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Arriving by aircraft you will notice a couple of security guards waiting when you go up the escalators from your flight – if you act suspicious they will not hesitate to stop you. But if you dress nicely, seem a part of another group or a family they are less likely to bother you.
If you are stopped for questioning, having the telephone number of friends or colleagues in Israel who can vouch for you always helps the process, and if traveling as part of a group, security will usually question you separately before cross-checking your accounts.
Be aware that passengers who have recently visited Arabic countries (except Bahrain, Egypt, Jordan, Mauritania and Qatar) may be subject to further questioning.
Bag inspection, both by machine and hand, is routine and should be expected, in addition to repeated interviews about what you intend to do while traveling in Israel.
Ben Gurion International Airport, the country's largest in Tel Aviv, is also one of the world's most secure airports.
All cars, taxis, buses and trucks go through a preliminary security checkpoint before entering the airport compound.
Armed guards spot-check the vehicles by looking into cars, taxis and buses, exchanging a few words with the driver and passengers.
Armed security personnel stationed at the terminal entrances keep a close watch on those who enter the buildings.
If someone arouses their suspicion or looks nervous, they may strike up a conversation to further assess the person's intent.
Plainclothes armed personnel patrol the area outside the building, and hidden surveillance cameras operate at all times.
Security checks may not stop at your luggage. Since mid-2012, immigration and security officials have asked certain inbound visitors to open their email accounts or Facebook pages to be inspected. Several Palestinian-Americans and known Palestinian sympathizers have been subjected to this new type of search, and have been refused entry to Israel.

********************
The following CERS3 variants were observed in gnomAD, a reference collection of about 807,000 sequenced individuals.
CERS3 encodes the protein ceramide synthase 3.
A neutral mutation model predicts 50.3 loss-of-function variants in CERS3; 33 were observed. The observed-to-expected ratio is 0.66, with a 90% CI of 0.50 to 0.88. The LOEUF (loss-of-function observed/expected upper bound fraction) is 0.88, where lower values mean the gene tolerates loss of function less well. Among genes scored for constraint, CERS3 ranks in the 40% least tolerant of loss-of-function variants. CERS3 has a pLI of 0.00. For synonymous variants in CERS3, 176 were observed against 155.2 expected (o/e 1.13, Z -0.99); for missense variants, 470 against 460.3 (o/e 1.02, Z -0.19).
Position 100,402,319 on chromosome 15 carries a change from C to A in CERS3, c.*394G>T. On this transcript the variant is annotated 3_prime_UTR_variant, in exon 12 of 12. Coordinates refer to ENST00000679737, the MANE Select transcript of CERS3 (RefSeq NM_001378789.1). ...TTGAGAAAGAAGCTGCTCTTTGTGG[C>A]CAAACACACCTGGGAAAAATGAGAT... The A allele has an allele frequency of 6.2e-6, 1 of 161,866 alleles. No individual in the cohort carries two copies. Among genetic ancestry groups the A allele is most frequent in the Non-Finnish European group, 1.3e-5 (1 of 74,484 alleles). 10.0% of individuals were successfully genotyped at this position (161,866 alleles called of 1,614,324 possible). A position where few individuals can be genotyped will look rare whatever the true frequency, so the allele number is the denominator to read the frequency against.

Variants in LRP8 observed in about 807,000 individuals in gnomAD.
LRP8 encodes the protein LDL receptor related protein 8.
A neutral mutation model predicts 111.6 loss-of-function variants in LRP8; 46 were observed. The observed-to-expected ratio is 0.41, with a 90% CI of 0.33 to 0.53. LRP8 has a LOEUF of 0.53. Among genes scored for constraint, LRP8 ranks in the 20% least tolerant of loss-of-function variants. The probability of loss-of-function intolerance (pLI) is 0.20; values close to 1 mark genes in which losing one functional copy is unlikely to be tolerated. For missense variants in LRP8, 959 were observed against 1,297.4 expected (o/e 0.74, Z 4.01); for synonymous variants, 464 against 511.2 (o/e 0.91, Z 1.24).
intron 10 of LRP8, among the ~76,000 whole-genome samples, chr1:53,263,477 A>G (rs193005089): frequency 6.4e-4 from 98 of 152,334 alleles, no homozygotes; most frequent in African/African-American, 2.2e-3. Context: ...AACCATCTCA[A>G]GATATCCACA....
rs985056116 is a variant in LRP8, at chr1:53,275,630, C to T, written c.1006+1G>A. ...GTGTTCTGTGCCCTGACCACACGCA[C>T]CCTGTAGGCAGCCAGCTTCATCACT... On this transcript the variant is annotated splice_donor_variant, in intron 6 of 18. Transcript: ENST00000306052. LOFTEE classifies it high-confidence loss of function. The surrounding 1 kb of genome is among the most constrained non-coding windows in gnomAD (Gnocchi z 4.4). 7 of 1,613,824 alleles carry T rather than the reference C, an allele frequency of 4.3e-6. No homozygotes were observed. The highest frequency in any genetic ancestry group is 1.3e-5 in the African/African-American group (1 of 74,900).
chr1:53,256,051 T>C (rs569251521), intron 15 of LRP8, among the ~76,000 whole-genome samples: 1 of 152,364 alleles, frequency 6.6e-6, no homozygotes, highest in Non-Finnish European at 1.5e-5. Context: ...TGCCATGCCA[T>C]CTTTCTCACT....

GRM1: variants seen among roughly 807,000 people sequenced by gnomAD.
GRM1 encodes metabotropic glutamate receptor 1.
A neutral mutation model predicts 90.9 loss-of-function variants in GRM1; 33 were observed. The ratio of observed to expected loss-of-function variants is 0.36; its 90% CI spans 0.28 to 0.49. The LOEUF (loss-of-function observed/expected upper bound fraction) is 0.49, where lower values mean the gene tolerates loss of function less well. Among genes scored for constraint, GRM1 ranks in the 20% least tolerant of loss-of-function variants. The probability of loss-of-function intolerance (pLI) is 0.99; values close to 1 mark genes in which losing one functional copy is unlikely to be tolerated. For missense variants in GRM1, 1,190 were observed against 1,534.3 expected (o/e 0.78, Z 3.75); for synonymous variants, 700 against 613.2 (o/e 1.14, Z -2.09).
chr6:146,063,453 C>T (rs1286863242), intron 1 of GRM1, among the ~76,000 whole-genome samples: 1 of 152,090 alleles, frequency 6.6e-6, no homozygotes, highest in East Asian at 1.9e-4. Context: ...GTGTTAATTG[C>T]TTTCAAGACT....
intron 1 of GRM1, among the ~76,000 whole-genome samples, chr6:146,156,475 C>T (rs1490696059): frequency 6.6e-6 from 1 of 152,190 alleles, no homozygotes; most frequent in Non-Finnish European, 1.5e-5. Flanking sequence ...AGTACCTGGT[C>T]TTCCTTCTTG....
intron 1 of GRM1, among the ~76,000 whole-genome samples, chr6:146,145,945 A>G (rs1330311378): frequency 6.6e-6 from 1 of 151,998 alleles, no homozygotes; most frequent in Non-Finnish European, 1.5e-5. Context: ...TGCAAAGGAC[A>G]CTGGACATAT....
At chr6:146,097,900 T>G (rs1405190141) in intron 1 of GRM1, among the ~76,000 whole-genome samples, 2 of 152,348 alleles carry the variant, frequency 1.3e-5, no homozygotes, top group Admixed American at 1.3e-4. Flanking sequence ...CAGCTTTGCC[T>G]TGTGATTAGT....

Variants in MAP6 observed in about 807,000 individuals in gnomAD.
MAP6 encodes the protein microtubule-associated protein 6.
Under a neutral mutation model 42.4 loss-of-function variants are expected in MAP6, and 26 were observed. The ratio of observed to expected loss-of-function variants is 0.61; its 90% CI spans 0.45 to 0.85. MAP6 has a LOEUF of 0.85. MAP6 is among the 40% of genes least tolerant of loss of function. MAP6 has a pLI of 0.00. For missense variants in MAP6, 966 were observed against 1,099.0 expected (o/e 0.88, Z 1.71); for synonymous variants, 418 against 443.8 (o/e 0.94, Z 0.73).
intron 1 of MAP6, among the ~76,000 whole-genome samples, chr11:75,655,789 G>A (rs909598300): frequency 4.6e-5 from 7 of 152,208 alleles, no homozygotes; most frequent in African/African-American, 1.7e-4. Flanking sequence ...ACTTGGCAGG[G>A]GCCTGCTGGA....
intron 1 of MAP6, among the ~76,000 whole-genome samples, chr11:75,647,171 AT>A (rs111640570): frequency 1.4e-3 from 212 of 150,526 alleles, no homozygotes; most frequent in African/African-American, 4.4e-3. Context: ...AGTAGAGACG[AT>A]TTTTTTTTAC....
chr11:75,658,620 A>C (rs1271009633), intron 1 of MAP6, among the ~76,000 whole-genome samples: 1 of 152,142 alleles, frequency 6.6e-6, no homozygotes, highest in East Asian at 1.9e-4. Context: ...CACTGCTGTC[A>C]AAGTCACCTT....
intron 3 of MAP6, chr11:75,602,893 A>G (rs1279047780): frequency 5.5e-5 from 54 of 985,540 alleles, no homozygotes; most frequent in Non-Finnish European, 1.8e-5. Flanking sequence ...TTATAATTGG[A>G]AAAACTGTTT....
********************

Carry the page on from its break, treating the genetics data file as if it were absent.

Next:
Read the details of their cases in this Boston.com report.
According to the report, Israeli officials admit they use ethnic profiling, calling it a 'necessary evil' to maintain security.
This means intending visitors of Arab or Indian descent, or those known to have publicly supported the Palestinian cause will be specifically targeted for this type of interrogation.
If you have a history of publicly supporting the Palestinian cause, or have publicly advocated sanctions against Israel, then the Israeli authorities will probably know about it and you may very likely be interrogated in this way.
If you have not publicly supported the Palestinian cause and are genuinely visiting Israel and the West Bank for a vacation, BUT are Islamic, of Arab or Indian descent, or have an Arabic or Indian name, you still may be asked to open your email and social media accounts.
It doesn't matter that you are not carrying a computer with you, the security agent will ask you to log-in on one of theirs.
You may be asked if you feel more Arab than American (or British or whatever nationality you are). Think carefully about your answer.
It doesn't sound fair or 'right', but for the time being it's a reality.
When leaving the country, you must arrive at the terminal at least three hours before your flight, as Israeli security procedures can be time-consuming.
Departing passengers are personally questioned by security agents even before arriving at the check-in desk.
This interview can last as little as a minute, or as long as an hour if a passenger is selected for additional screening.
Luggage and body searches may be conducted.
After the search, bags are placed through an X-ray machine before passengers proceed to the check-in counters.
Occasionally, if security has assessed a person as a low risk, they will pass them straight through to the check-in desks, bypassing the main x-ray machines.
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